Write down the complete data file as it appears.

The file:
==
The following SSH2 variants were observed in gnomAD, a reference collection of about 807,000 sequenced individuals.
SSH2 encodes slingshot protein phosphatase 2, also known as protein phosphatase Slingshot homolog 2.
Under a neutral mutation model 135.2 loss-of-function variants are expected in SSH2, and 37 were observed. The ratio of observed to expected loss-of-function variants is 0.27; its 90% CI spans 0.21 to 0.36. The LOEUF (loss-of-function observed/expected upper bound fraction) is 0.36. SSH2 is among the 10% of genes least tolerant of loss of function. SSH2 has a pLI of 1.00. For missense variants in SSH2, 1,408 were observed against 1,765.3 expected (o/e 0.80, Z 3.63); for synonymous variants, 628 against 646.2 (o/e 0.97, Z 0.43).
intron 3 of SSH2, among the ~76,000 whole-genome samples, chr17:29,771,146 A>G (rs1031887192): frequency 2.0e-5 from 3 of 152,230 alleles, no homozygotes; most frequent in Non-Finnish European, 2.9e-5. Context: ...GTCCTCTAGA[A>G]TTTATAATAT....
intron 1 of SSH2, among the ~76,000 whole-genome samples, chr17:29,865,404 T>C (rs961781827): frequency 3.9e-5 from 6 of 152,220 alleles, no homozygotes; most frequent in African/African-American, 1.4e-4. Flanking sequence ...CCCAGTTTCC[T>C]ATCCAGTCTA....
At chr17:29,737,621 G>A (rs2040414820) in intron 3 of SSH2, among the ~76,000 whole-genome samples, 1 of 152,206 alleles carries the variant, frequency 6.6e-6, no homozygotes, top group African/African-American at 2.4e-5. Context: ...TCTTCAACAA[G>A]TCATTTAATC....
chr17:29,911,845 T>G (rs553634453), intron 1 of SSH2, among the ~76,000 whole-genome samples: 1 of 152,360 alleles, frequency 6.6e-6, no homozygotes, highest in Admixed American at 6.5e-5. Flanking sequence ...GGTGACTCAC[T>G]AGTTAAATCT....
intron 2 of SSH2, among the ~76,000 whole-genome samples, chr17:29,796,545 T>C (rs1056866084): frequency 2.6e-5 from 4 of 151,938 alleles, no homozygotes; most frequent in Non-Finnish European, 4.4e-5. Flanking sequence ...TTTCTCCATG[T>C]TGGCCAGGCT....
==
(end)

The following SSH2 variants were observed in gnomAD, a reference collection of about 807,000 sequenced individuals.
SSH2 encodes slingshot protein phosphatase 2, also known as protein phosphatase Slingshot homolog 2.
Under a neutral mutation model 135.2 loss-of-function variants are expected in SSH2, and 37 were observed. The ratio of observed to expected loss-of-function variants is 0.27; its 90% CI spans 0.21 to 0.36. The LOEUF (loss-of-function observed/expected upper bound fraction) is 0.36. SSH2 is among the 10% of genes least tolerant of loss of function. SSH2 has a pLI of 1.00. For missense variants in SSH2, 1,408 were observed against 1,765.3 expected (o/e 0.80, Z 3.63); for synonymous variants, 628 against 646.2 (o/e 0.97, Z 0.43).
intron 3 of SSH2, among the ~76,000 whole-genome samples, chr17:29,771,146 A>G (rs1031887192): frequency 2.0e-5 from 3 of 152,230 alleles, no homozygotes; most frequent in Non-Finnish European, 2.9e-5. Context: ...GTCCTCTAGA[A>G]TTTATAATAT....
intron 1 of SSH2, among the ~76,000 whole-genome samples, chr17:29,865,404 T>C (rs961781827): frequency 3.9e-5 from 6 of 152,220 alleles, no homozygotes; most frequent in African/African-American, 1.4e-4. Flanking sequence ...CCCAGTTTCC[T>C]ATCCAGTCTA....
At chr17:29,737,621 G>A (rs2040414820) in intron 3 of SSH2, among the ~76,000 whole-genome samples, 1 of 152,206 alleles carries the variant, frequency 6.6e-6, no homozygotes, top group African/African-American at 2.4e-5. Context: ...TCTTCAACAA[G>A]TCATTTAATC....
chr17:29,911,845 T>G (rs553634453), intron 1 of SSH2, among the ~76,000 whole-genome samples: 1 of 152,360 alleles, frequency 6.6e-6, no homozygotes, highest in Admixed American at 6.5e-5. Flanking sequence ...GGTGACTCAC[T>G]AGTTAAATCT....
intron 2 of SSH2, among the ~76,000 whole-genome samples, chr17:29,796,545 T>C (rs1056866084): frequency 2.6e-5 from 4 of 151,938 alleles, no homozygotes; most frequent in Non-Finnish European, 4.4e-5. Flanking sequence ...TTTCTCCATG[T>C]TGGCCAGGCT....